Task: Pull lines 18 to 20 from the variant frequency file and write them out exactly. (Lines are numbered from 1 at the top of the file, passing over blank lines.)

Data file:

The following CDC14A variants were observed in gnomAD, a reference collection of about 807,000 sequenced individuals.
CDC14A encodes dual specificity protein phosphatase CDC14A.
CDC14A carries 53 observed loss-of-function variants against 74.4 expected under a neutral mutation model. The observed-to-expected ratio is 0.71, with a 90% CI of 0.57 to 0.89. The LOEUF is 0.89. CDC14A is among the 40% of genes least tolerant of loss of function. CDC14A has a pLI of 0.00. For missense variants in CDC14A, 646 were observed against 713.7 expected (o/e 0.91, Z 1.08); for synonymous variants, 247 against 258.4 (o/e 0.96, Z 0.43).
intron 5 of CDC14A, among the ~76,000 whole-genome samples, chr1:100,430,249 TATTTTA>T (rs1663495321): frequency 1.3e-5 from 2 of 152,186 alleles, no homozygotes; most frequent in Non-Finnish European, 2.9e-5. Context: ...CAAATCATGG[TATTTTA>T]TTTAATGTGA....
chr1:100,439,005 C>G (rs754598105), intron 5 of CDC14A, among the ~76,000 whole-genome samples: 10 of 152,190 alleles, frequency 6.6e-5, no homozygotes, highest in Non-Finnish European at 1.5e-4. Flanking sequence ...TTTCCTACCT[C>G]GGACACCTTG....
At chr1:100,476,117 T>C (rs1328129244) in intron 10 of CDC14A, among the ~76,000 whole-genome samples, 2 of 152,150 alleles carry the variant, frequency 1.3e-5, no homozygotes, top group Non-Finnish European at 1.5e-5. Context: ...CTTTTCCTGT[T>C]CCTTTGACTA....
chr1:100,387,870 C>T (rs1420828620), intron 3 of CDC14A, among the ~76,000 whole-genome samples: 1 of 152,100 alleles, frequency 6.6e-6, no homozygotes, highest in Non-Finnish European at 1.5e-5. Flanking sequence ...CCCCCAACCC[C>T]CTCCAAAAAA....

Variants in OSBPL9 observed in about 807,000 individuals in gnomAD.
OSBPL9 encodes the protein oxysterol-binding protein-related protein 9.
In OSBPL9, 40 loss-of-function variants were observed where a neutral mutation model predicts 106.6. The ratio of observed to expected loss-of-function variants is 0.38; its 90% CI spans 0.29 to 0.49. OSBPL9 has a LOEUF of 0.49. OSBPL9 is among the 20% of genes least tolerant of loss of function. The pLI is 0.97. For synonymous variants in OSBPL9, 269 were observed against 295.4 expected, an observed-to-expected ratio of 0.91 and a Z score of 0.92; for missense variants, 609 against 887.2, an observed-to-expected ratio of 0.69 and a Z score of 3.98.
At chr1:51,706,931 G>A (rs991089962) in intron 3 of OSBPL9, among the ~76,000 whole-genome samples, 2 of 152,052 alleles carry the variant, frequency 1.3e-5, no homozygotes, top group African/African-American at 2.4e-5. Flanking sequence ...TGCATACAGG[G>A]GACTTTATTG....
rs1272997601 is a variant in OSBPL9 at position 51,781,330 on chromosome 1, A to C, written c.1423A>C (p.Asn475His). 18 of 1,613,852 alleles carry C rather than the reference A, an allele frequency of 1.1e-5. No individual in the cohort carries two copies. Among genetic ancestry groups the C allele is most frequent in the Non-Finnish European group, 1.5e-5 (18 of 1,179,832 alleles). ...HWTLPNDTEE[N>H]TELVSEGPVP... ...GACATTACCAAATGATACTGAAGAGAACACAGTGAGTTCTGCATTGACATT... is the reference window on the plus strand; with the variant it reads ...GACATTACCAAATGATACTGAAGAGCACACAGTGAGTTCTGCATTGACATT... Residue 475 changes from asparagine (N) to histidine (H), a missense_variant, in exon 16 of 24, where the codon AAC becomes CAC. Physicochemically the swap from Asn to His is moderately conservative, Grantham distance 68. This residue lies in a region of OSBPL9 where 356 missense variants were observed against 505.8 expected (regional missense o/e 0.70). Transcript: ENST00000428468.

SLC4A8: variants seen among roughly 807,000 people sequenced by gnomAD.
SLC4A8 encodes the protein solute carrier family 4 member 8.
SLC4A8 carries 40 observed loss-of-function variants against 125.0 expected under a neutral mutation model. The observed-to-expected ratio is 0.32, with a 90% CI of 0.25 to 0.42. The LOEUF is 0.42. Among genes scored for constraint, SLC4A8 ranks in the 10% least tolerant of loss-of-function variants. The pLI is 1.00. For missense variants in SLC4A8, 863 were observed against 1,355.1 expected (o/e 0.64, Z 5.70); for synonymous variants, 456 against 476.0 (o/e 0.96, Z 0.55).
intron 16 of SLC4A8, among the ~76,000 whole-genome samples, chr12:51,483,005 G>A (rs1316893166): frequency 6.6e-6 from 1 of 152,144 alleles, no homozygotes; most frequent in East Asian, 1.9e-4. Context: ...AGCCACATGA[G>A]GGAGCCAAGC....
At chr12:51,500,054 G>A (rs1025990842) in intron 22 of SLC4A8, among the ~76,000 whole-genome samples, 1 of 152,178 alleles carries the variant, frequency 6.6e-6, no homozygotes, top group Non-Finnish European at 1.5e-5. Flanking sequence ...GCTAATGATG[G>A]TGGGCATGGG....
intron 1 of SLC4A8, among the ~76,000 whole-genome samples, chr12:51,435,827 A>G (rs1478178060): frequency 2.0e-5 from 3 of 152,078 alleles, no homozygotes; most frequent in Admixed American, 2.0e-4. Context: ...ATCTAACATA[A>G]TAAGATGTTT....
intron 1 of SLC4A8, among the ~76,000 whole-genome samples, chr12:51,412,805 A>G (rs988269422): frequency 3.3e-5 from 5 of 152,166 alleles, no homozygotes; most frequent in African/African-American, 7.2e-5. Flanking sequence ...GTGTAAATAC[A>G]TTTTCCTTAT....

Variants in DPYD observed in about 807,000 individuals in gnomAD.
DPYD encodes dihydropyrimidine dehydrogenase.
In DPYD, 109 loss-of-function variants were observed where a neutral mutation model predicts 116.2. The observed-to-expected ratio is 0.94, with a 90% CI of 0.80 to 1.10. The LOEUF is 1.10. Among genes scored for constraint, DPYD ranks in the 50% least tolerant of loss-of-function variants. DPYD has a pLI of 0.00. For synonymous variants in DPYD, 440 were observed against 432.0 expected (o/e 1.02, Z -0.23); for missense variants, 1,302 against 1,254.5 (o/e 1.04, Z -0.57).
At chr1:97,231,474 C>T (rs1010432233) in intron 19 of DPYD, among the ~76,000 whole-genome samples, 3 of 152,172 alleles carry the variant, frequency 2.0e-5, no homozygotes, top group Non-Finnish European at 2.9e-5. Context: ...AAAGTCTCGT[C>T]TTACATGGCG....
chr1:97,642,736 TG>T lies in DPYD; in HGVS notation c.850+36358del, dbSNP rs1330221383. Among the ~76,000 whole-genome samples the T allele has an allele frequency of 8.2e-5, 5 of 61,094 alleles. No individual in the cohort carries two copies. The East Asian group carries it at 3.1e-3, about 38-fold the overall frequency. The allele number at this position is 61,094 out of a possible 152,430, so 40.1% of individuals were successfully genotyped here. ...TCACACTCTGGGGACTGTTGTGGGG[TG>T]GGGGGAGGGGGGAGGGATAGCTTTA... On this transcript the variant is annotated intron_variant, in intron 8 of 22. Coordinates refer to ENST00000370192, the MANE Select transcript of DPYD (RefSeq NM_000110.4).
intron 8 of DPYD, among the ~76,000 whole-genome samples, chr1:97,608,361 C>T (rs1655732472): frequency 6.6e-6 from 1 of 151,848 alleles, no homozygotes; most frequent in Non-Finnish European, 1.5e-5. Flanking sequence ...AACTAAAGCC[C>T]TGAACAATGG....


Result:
intron 1 of SLC4A8, among the ~76,000 whole-genome samples, chr12:51,435,827 A>G (rs1478178060): frequency 2.0e-5 from 3 of 152,078 alleles, no homozygotes; most frequent in Admixed American, 2.0e-4. Context: ...ATCTAACATA[A>G]TAAGATGTTT....
intron 1 of SLC4A8, among the ~76,000 whole-genome samples, chr12:51,412,805 A>G (rs988269422): frequency 3.3e-5 from 5 of 152,166 alleles, no homozygotes; most frequent in African/African-American, 7.2e-5. Flanking sequence ...GTGTAAATAC[A>G]TTTTCCTTAT....

Variants in DPYD observed in about 807,000 individuals in gnomAD.